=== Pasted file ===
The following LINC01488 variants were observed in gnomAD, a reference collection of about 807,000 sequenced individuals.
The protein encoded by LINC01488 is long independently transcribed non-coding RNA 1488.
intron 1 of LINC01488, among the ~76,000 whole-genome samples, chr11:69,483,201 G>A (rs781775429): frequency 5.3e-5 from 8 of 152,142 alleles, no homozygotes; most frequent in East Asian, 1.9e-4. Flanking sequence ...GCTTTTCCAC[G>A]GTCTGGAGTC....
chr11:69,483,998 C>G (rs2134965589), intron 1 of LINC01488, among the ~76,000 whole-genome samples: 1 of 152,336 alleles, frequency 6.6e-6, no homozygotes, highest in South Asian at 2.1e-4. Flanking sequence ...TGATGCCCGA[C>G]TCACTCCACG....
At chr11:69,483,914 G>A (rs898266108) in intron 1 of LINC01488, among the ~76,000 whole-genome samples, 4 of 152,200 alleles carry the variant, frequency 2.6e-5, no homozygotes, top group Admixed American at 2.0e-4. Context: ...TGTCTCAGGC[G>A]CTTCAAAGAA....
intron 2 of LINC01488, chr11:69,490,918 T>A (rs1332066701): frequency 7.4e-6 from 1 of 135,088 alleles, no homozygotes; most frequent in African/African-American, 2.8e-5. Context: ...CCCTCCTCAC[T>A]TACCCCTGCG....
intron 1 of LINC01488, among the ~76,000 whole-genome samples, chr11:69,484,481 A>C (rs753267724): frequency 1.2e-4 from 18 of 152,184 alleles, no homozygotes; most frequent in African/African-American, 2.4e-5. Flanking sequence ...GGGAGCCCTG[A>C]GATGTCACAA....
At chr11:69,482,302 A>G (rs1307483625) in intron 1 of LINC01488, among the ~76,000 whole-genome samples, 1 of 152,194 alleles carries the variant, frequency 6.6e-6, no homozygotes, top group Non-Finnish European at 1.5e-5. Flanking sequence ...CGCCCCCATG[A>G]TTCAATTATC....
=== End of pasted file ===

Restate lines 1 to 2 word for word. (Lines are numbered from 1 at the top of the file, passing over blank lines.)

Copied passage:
The following LINC01488 variants were observed in gnomAD, a reference collection of about 807,000 sequenced individuals.
The protein encoded by LINC01488 is long independently transcribed non-coding RNA 1488.